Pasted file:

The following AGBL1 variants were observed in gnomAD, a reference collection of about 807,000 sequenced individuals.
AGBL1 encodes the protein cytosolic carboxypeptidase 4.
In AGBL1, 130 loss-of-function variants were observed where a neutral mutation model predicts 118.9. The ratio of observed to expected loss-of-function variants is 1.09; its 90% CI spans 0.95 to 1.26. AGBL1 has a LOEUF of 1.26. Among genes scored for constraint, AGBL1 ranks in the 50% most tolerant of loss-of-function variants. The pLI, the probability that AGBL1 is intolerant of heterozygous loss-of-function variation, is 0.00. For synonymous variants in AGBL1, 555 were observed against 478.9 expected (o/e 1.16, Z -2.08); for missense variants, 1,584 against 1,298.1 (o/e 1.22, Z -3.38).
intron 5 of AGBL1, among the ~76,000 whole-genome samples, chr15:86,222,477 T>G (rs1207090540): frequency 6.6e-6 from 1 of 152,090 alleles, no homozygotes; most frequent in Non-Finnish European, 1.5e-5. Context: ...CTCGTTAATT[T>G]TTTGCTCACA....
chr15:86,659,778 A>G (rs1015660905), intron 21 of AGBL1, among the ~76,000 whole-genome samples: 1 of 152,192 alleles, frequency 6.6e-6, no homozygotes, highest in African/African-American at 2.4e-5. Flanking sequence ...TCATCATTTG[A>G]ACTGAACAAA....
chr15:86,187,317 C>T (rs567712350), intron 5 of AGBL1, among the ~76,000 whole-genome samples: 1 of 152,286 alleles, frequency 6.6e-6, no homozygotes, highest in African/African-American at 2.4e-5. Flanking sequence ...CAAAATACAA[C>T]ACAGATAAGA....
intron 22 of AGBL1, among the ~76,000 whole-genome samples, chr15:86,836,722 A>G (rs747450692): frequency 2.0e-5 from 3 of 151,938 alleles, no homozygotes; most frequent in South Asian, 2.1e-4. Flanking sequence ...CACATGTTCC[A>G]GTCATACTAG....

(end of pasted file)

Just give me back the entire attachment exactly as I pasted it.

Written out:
The following AGBL1 variants were observed in gnomAD, a reference collection of about 807,000 sequenced individuals.
AGBL1 encodes the protein cytosolic carboxypeptidase 4.
In AGBL1, 130 loss-of-function variants were observed where a neutral mutation model predicts 118.9. The ratio of observed to expected loss-of-function variants is 1.09; its 90% CI spans 0.95 to 1.26. AGBL1 has a LOEUF of 1.26. Among genes scored for constraint, AGBL1 ranks in the 50% most tolerant of loss-of-function variants. The pLI, the probability that AGBL1 is intolerant of heterozygous loss-of-function variation, is 0.00. For synonymous variants in AGBL1, 555 were observed against 478.9 expected (o/e 1.16, Z -2.08); for missense variants, 1,584 against 1,298.1 (o/e 1.22, Z -3.38).
intron 5 of AGBL1, among the ~76,000 whole-genome samples, chr15:86,222,477 T>G (rs1207090540): frequency 6.6e-6 from 1 of 152,090 alleles, no homozygotes; most frequent in Non-Finnish European, 1.5e-5. Context: ...CTCGTTAATT[T>G]TTTGCTCACA....
chr15:86,659,778 A>G (rs1015660905), intron 21 of AGBL1, among the ~76,000 whole-genome samples: 1 of 152,192 alleles, frequency 6.6e-6, no homozygotes, highest in African/African-American at 2.4e-5. Flanking sequence ...TCATCATTTG[A>G]ACTGAACAAA....
chr15:86,187,317 C>T (rs567712350), intron 5 of AGBL1, among the ~76,000 whole-genome samples: 1 of 152,286 alleles, frequency 6.6e-6, no homozygotes, highest in African/African-American at 2.4e-5. Flanking sequence ...CAAAATACAA[C>T]ACAGATAAGA....
intron 22 of AGBL1, among the ~76,000 whole-genome samples, chr15:86,836,722 A>G (rs747450692): frequency 2.0e-5 from 3 of 151,938 alleles, no homozygotes; most frequent in South Asian, 2.1e-4. Flanking sequence ...CACATGTTCC[A>G]GTCATACTAG....